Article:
In Japanese, なくて
is a construction that combines ない (in its conjugation form, なく), with the 接続助詞（せつぞくじょし） て
. This results in the same ‘and’ meaning as the standard て
form, but with the negative meaning of ない. なくて
can be translated as ‘to not (A), and…’, or ‘not (A), and…’, depending on what type of word it is used with.
I don't have money, and I can't buy a car.
That cake is not sweet, and tastes bad. (は is frequently added between the stem form of adjectives and ない. Often, this is just for emphasis)
My car is not quiet, and runs out of gas quickly.
That is not a dog, and not a cat either.
As discussed in our initial lesson about ない, there are two forms of this particular word. One form is a 助動詞（じょどうし） (auxiliary verb), and is used with verbs. The other form of ない is a 形容詞（けいようし） (い-Adjective
), and is used with nouns, な-Adjectives
, and い-Adjectives
The difference between these two, is that the い-Adjective
form may have は
in between it and the word it is connected to (では
in the case of nouns and な-Adjectives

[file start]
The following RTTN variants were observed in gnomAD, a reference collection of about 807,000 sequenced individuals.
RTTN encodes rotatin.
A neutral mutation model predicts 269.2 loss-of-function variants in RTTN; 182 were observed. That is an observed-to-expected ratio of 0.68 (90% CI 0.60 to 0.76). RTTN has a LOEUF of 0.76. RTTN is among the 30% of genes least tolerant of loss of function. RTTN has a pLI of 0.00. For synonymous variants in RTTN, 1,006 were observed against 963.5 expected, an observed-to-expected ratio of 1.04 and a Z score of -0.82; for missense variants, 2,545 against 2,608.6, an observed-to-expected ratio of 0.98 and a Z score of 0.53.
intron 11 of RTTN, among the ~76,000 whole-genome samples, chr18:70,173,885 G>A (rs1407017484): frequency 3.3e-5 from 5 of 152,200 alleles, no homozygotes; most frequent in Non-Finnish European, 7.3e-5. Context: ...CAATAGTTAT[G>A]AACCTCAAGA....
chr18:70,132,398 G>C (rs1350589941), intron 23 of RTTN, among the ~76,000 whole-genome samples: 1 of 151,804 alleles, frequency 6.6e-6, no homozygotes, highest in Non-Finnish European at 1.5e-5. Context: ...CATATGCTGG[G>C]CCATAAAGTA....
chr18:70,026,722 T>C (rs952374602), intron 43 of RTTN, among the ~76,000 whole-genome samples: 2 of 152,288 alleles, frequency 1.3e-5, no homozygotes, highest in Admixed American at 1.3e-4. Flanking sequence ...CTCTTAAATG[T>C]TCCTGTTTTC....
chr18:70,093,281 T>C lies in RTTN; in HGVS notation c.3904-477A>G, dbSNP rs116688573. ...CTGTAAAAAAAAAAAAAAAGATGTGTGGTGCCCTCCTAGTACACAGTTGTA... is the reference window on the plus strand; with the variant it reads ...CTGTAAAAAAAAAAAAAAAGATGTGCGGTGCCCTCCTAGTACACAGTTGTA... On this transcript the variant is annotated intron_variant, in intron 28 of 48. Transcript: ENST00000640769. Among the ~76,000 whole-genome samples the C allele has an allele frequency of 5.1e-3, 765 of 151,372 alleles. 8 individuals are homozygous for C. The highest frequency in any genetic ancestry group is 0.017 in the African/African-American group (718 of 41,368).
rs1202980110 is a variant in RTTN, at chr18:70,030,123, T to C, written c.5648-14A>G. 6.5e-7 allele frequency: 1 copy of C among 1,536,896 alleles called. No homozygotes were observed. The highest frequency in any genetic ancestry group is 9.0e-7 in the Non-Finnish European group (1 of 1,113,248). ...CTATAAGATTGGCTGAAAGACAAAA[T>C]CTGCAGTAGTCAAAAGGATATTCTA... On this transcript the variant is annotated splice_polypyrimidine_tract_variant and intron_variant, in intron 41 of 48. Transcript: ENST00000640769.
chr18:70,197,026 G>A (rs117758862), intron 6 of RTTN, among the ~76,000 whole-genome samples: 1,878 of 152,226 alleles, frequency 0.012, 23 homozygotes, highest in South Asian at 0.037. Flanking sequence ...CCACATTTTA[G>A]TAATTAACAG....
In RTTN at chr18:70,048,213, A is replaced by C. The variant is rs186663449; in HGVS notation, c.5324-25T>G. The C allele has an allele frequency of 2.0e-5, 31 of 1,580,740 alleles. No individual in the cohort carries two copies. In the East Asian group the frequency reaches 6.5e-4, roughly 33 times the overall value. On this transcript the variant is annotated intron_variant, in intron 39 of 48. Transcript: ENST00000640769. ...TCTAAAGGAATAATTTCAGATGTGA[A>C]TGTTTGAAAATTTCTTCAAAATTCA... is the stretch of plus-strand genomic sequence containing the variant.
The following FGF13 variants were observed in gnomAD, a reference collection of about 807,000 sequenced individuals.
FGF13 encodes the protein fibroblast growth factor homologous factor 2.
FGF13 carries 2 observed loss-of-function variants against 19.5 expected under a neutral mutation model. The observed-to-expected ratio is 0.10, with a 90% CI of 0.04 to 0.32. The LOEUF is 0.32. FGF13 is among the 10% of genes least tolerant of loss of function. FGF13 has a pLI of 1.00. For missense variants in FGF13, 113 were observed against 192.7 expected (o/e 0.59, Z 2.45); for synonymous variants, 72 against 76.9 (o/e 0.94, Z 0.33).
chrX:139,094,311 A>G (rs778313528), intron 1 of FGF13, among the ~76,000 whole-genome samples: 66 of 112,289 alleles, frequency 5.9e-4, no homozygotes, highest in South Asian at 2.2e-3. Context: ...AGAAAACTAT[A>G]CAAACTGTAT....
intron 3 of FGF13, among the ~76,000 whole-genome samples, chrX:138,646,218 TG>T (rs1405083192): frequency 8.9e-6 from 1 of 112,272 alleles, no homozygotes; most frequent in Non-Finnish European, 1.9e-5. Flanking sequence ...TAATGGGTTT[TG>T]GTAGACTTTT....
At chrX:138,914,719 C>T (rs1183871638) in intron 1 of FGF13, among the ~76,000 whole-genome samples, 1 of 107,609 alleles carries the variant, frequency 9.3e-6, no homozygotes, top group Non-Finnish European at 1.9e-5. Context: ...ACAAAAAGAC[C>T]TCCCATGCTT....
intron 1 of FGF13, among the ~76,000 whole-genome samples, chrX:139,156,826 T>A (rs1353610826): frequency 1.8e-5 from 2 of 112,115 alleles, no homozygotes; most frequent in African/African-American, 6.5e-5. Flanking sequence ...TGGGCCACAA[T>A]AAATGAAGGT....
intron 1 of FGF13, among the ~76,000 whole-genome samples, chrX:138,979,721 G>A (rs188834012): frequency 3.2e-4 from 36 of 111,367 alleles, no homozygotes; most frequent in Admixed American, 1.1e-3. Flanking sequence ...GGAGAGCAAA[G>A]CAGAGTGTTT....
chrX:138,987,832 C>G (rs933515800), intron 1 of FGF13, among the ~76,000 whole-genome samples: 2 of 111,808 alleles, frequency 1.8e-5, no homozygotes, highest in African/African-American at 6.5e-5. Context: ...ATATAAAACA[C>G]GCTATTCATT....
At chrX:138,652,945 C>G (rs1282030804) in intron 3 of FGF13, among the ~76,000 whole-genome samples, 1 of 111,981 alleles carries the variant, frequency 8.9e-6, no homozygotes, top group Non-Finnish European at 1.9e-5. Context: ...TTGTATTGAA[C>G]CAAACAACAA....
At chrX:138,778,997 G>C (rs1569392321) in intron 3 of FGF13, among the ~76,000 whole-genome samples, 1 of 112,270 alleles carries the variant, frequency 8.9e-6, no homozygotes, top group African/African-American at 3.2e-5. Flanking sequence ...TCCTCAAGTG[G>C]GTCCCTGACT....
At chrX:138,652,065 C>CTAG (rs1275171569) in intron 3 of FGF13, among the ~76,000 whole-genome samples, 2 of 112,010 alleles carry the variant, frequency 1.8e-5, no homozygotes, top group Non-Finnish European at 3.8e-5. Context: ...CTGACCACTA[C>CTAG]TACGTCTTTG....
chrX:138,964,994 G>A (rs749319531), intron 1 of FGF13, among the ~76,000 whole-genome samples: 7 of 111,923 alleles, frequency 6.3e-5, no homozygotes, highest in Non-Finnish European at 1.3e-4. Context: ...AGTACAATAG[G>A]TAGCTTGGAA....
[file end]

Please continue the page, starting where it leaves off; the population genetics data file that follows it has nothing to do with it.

). With verbs, due to ない being a 助動詞（じょどうし）, this is not possible.
This bath is not dirty, so it always smells good. (Unnatural Japanese, as は will never come between a verb and ない)
This bath doesnt get dirty, and it always smells good. (Natural Japanese)
is very similar to ないで
, another structure that is regularly used with verbs (but may not be used with nouns or adjectives). ないで
is far more common when expressing ‘not doing’ something, while なくて
tends to be used almost exclusively for expressing reasons/causes.
Please don't give Thomas his present yet. (No particular reason, simply implies ‘without doing’)
I did not give the cookie I got to my brother, but to my sister. (Implies a specific reason for not giving it to the brother)